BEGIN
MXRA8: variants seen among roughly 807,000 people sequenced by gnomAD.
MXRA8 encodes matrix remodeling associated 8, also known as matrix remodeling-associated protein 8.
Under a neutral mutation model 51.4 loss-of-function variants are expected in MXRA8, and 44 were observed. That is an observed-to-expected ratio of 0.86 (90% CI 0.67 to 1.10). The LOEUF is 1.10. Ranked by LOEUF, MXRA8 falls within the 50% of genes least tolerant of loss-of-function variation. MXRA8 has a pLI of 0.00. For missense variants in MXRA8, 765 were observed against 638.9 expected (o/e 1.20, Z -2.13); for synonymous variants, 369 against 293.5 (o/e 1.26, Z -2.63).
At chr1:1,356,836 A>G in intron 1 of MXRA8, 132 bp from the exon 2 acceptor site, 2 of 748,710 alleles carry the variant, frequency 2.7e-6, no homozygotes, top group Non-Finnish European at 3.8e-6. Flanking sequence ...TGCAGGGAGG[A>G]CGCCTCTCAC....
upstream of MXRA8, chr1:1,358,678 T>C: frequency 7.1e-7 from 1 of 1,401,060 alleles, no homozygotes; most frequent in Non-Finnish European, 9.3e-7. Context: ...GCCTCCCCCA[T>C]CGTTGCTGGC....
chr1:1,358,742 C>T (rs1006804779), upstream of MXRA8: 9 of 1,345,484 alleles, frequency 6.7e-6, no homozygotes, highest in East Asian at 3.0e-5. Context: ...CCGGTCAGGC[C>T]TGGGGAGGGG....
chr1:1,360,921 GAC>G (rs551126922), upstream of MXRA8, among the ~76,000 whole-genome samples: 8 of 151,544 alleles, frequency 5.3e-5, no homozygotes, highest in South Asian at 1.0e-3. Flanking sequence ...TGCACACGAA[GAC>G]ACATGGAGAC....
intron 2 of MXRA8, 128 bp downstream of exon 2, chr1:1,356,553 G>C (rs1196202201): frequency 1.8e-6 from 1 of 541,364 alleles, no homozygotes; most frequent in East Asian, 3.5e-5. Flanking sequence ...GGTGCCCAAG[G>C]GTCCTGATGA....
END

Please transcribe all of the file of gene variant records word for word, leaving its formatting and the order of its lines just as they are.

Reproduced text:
MXRA8: variants seen among roughly 807,000 people sequenced by gnomAD.
MXRA8 encodes matrix remodeling associated 8, also known as matrix remodeling-associated protein 8.
Under a neutral mutation model 51.4 loss-of-function variants are expected in MXRA8, and 44 were observed. That is an observed-to-expected ratio of 0.86 (90% CI 0.67 to 1.10). The LOEUF is 1.10. Ranked by LOEUF, MXRA8 falls within the 50% of genes least tolerant of loss-of-function variation. MXRA8 has a pLI of 0.00. For missense variants in MXRA8, 765 were observed against 638.9 expected (o/e 1.20, Z -2.13); for synonymous variants, 369 against 293.5 (o/e 1.26, Z -2.63).
At chr1:1,356,836 A>G in intron 1 of MXRA8, 132 bp from the exon 2 acceptor site, 2 of 748,710 alleles carry the variant, frequency 2.7e-6, no homozygotes, top group Non-Finnish European at 3.8e-6. Flanking sequence ...TGCAGGGAGG[A>G]CGCCTCTCAC....
upstream of MXRA8, chr1:1,358,678 T>C: frequency 7.1e-7 from 1 of 1,401,060 alleles, no homozygotes; most frequent in Non-Finnish European, 9.3e-7. Context: ...GCCTCCCCCA[T>C]CGTTGCTGGC....
chr1:1,358,742 C>T (rs1006804779), upstream of MXRA8: 9 of 1,345,484 alleles, frequency 6.7e-6, no homozygotes, highest in East Asian at 3.0e-5. Context: ...CCGGTCAGGC[C>T]TGGGGAGGGG....
chr1:1,360,921 GAC>G (rs551126922), upstream of MXRA8, among the ~76,000 whole-genome samples: 8 of 151,544 alleles, frequency 5.3e-5, no homozygotes, highest in South Asian at 1.0e-3. Flanking sequence ...TGCACACGAA[GAC>G]ACATGGAGAC....
intron 2 of MXRA8, 128 bp downstream of exon 2, chr1:1,356,553 G>C (rs1196202201): frequency 1.8e-6 from 1 of 541,364 alleles, no homozygotes; most frequent in East Asian, 3.5e-5. Flanking sequence ...GGTGCCCAAG[G>C]GTCCTGATGA....